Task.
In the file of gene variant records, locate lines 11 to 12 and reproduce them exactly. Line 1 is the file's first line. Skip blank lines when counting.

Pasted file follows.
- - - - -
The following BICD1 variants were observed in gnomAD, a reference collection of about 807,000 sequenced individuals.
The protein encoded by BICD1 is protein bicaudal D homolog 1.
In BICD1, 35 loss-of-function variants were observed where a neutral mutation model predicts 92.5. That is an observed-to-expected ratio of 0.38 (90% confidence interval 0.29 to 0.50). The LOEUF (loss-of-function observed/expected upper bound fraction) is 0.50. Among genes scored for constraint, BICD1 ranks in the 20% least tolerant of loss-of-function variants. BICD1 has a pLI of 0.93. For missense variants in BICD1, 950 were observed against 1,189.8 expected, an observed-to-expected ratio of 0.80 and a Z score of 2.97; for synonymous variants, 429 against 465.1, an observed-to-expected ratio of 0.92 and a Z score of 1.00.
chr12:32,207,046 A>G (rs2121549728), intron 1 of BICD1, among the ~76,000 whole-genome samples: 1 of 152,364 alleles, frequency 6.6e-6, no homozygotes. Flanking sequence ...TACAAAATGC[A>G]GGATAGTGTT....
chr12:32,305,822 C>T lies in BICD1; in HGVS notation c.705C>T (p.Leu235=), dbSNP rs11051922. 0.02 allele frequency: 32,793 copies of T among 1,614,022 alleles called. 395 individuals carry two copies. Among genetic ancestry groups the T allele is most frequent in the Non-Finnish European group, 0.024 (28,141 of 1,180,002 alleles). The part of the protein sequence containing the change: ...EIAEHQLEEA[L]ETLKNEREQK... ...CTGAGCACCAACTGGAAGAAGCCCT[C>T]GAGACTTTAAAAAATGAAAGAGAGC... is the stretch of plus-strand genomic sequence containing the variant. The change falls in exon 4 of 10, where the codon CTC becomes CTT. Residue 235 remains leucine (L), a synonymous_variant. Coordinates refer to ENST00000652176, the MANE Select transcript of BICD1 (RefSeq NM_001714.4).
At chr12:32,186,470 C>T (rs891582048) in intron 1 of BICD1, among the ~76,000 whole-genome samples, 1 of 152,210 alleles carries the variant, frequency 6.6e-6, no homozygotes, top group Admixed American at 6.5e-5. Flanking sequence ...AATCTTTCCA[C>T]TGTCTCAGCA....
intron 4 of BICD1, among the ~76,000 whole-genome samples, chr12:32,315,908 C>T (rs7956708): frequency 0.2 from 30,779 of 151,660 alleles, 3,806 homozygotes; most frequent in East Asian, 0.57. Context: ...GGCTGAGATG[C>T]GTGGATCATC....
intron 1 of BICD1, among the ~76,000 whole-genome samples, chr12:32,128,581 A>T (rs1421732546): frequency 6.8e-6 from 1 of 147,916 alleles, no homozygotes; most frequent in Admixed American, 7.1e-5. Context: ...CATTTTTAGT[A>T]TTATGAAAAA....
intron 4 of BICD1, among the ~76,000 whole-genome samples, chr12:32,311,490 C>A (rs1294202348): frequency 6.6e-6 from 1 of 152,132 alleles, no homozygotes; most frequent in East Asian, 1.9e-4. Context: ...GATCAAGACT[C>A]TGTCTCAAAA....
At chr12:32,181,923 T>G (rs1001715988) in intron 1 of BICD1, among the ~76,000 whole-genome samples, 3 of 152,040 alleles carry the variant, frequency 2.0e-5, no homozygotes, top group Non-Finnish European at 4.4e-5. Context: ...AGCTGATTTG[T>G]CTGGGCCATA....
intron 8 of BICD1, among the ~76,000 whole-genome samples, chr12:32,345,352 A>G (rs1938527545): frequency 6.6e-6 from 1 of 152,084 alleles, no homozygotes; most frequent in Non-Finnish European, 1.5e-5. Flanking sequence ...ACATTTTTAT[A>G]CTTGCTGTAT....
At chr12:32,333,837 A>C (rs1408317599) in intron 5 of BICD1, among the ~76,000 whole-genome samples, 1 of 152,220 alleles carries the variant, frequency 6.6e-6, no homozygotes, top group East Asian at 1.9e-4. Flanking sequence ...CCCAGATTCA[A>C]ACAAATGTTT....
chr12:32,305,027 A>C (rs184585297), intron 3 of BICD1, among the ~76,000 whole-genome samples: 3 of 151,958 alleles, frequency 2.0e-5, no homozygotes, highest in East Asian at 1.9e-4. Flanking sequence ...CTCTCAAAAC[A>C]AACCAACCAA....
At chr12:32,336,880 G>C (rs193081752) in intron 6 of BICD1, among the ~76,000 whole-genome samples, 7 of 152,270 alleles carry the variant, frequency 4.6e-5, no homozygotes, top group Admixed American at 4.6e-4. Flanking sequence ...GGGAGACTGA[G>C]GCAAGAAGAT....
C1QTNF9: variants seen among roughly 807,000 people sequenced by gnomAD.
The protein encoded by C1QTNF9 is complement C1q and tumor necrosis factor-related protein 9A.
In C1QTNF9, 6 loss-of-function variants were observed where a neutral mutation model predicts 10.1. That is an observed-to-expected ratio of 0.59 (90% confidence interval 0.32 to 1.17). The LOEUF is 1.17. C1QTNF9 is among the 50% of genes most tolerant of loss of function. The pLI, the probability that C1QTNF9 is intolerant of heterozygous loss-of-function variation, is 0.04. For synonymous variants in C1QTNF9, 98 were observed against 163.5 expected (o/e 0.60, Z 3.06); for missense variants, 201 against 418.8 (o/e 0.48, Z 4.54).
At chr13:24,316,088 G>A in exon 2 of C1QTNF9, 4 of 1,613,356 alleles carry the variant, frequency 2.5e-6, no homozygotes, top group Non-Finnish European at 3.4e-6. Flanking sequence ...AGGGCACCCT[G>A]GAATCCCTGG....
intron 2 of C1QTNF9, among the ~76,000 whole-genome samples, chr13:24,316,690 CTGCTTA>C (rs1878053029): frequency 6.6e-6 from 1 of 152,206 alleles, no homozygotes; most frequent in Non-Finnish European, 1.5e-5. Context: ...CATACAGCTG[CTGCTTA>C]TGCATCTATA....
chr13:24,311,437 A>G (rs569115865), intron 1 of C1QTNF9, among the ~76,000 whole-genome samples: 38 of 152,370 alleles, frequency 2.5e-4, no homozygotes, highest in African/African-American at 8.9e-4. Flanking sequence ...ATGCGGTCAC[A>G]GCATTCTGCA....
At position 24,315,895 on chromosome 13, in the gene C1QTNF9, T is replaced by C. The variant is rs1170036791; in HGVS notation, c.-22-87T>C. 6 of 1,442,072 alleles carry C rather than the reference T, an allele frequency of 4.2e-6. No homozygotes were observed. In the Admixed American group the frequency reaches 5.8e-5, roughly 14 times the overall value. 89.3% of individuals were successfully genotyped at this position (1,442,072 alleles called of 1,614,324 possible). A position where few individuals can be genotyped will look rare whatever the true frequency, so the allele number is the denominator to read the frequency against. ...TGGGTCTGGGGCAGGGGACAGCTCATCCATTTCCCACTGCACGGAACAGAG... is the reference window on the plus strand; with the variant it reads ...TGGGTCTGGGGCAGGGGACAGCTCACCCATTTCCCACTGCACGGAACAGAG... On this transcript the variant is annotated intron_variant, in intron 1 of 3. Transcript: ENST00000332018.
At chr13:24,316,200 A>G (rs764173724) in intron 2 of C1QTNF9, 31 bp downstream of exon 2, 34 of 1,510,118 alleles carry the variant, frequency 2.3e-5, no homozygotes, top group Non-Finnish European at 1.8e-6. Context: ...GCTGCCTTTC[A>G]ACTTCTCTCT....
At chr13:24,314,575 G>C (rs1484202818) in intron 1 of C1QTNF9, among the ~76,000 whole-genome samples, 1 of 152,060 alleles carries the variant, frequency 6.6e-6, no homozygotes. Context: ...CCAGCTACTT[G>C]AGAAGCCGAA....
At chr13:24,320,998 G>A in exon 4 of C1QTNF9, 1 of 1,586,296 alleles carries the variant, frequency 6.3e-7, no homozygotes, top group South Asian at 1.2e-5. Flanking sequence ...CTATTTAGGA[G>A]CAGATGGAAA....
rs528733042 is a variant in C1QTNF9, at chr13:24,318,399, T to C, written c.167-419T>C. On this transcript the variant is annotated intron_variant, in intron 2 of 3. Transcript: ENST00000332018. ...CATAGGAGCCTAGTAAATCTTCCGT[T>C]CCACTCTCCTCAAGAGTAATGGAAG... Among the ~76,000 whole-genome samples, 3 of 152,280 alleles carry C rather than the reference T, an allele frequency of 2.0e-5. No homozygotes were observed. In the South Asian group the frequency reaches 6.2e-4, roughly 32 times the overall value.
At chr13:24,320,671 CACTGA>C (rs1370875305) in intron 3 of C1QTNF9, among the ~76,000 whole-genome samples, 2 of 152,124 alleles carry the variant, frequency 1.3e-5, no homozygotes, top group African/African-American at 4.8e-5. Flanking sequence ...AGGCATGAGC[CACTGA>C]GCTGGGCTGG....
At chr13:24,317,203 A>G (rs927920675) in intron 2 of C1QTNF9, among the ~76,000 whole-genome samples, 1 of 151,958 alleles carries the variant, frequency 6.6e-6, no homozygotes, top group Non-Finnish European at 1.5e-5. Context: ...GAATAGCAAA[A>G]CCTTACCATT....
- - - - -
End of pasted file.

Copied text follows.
intron 8 of BICD1, among the ~76,000 whole-genome samples, chr12:32,345,352 A>G (rs1938527545): frequency 6.6e-6 from 1 of 152,084 alleles, no homozygotes; most frequent in Non-Finnish European, 1.5e-5. Flanking sequence ...ACATTTTTAT[A>G]CTTGCTGTAT....
At chr12:32,333,837 A>C (rs1408317599) in intron 5 of BICD1, among the ~76,000 whole-genome samples, 1 of 152,220 alleles carries the variant, frequency 6.6e-6, no homozygotes, top group East Asian at 1.9e-4. Flanking sequence ...CCCAGATTCA[A>C]ACAAATGTTT....